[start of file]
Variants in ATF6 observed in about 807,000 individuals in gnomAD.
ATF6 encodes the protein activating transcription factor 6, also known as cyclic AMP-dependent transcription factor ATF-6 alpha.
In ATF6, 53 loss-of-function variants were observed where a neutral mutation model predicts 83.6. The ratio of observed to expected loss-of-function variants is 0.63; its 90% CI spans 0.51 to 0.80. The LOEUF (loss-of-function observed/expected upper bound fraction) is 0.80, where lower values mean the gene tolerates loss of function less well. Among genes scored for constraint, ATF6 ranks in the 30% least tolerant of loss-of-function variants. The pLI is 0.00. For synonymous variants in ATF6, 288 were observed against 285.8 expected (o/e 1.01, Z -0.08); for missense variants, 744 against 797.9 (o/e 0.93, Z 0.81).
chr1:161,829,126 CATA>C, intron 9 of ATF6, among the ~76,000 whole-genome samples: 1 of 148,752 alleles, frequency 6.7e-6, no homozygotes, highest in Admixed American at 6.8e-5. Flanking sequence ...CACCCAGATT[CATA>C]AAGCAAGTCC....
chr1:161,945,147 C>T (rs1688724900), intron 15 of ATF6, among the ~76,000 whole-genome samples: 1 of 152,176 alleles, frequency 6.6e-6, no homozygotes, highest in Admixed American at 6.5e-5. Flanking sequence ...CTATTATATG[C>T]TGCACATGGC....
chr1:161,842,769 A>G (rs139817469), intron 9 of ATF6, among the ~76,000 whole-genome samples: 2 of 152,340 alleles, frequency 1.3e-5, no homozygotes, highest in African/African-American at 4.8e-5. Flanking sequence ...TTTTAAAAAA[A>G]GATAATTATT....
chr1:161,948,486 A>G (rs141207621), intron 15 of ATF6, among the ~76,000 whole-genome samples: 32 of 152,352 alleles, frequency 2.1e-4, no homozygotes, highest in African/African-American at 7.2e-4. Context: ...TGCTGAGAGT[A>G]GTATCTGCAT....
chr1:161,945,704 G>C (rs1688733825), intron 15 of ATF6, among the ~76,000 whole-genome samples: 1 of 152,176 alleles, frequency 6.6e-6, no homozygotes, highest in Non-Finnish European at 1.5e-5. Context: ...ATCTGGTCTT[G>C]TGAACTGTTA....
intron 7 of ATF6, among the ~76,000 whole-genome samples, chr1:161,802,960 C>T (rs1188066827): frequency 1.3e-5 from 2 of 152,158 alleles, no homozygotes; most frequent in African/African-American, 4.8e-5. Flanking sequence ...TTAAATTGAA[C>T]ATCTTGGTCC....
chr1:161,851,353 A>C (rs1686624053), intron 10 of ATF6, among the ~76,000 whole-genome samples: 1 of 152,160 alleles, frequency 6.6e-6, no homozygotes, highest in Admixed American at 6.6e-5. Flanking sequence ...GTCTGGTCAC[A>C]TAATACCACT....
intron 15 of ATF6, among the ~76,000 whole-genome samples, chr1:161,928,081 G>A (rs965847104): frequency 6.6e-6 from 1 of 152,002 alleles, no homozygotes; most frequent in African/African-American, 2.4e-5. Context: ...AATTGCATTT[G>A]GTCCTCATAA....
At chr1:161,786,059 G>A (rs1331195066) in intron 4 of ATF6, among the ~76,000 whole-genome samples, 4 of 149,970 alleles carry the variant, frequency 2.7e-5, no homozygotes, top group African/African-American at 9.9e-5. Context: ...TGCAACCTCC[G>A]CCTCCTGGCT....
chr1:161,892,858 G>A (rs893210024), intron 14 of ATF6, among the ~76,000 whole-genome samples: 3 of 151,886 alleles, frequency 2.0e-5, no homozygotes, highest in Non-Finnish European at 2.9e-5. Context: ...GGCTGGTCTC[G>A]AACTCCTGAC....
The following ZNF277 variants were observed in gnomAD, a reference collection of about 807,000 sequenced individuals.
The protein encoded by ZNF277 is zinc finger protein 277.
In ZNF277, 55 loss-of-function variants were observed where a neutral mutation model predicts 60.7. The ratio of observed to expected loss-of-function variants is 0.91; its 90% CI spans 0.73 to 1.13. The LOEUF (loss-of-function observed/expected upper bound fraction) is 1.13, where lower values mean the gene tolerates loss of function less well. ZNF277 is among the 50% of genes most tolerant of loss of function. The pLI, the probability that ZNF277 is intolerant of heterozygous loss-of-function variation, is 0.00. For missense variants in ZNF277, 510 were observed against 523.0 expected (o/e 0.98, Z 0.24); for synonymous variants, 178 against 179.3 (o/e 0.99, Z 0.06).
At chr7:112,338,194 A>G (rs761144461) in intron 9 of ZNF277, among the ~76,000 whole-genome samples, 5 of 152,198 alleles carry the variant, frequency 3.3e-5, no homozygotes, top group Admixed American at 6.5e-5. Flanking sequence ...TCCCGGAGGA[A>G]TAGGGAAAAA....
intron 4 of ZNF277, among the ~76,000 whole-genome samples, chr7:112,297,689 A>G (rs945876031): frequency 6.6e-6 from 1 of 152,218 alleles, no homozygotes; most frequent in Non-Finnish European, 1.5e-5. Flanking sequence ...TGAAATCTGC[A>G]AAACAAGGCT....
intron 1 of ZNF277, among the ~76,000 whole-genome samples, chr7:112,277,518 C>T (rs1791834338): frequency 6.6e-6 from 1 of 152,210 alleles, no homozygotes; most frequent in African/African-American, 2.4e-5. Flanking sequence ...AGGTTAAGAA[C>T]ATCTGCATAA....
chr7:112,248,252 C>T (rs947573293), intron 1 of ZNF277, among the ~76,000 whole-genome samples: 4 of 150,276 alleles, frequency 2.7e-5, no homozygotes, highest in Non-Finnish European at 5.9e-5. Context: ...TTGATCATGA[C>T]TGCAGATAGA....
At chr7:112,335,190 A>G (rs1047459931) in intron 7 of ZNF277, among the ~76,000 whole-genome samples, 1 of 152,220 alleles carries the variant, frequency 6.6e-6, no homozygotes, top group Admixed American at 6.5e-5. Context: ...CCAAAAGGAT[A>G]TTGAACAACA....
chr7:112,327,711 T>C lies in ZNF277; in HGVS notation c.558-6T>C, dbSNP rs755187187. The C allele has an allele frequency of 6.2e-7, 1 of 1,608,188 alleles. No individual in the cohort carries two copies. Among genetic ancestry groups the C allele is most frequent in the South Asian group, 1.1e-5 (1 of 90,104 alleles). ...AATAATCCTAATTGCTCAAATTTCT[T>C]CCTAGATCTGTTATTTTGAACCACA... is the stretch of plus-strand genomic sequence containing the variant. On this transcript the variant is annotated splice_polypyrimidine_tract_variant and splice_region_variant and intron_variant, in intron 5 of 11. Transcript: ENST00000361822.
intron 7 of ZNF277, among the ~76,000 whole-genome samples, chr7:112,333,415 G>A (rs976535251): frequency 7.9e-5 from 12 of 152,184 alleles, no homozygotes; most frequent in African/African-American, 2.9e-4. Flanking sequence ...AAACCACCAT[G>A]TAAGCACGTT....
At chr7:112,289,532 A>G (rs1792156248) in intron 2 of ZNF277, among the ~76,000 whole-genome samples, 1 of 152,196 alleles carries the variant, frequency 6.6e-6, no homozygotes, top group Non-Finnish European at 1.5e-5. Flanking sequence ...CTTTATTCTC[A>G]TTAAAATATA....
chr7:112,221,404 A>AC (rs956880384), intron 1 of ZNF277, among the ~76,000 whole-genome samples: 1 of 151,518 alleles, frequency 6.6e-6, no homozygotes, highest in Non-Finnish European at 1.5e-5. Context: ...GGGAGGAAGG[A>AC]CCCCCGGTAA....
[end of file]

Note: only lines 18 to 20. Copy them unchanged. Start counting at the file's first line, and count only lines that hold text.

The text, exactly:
intron 4 of ZNF277, among the ~76,000 whole-genome samples, chr7:112,297,689 A>G (rs945876031): frequency 6.6e-6 from 1 of 152,218 alleles, no homozygotes; most frequent in Non-Finnish European, 1.5e-5. Flanking sequence ...TGAAATCTGC[A>G]AAACAAGGCT....
intron 1 of ZNF277, among the ~76,000 whole-genome samples, chr7:112,277,518 C>T (rs1791834338): frequency 6.6e-6 from 1 of 152,210 alleles, no homozygotes; most frequent in African/African-American, 2.4e-5. Flanking sequence ...AGGTTAAGAA[C>T]ATCTGCATAA....
chr7:112,248,252 C>T (rs947573293), intron 1 of ZNF277, among the ~76,000 whole-genome samples: 4 of 150,276 alleles, frequency 2.7e-5, no homozygotes, highest in Non-Finnish European at 5.9e-5. Context: ...TTGATCATGA[C>T]TGCAGATAGA....